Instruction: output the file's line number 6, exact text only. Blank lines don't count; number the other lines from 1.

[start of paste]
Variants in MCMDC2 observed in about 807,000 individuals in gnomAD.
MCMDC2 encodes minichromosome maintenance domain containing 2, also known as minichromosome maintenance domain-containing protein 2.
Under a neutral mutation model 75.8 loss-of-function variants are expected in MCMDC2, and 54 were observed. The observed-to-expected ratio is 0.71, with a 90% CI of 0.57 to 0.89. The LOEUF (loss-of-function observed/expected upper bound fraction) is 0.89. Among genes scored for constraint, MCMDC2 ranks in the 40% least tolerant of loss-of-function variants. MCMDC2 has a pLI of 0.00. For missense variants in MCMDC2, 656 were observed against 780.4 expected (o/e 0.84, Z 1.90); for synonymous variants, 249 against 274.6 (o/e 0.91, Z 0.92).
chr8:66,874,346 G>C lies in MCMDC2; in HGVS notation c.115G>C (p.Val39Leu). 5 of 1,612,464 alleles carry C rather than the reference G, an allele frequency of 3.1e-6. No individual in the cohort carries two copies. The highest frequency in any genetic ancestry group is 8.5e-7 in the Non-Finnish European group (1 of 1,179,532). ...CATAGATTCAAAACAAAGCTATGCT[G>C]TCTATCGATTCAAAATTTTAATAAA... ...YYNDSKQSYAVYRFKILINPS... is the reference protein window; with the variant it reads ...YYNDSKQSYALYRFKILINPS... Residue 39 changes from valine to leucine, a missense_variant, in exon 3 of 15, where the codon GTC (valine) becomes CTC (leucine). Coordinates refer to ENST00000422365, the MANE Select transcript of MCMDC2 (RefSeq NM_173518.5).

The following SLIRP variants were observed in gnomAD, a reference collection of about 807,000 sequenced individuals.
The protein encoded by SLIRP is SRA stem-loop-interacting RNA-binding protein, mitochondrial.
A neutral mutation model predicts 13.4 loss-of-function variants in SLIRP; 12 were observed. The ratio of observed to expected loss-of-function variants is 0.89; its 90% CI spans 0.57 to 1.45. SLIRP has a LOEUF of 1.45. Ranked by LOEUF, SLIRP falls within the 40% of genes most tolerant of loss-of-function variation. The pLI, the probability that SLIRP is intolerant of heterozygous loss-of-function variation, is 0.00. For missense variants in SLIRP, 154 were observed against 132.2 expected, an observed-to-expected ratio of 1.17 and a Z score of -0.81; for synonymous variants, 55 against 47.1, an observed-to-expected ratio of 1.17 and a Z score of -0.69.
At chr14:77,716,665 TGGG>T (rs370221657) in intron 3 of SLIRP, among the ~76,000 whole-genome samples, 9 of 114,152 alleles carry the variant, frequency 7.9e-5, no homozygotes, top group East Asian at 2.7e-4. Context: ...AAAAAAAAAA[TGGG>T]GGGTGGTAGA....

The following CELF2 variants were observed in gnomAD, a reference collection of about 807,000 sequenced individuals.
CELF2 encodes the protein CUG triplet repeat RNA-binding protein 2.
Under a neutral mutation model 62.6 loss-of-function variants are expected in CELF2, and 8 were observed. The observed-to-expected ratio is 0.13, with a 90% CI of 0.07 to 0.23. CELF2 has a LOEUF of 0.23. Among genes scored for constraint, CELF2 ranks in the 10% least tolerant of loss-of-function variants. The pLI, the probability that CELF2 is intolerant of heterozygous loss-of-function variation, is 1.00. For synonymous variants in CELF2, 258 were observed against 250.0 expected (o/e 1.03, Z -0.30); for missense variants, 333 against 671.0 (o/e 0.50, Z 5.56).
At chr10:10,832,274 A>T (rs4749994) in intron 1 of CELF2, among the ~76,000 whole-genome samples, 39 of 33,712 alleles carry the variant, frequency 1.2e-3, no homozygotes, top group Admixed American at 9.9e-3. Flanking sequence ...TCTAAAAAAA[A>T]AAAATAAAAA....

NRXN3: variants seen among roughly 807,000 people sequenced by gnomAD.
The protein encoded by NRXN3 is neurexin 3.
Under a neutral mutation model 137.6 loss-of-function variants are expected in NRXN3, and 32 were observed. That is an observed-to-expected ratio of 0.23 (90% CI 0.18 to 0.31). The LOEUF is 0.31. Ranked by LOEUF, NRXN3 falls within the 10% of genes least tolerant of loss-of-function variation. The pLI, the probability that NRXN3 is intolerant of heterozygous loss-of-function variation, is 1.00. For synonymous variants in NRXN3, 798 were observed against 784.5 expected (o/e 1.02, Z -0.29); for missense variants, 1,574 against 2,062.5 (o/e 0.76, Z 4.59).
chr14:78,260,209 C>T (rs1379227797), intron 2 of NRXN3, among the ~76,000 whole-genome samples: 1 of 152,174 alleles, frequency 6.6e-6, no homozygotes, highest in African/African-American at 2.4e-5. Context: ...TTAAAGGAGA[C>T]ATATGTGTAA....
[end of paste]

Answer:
The protein encoded by SLIRP is SRA stem-loop-interacting RNA-binding protein, mitochondrial.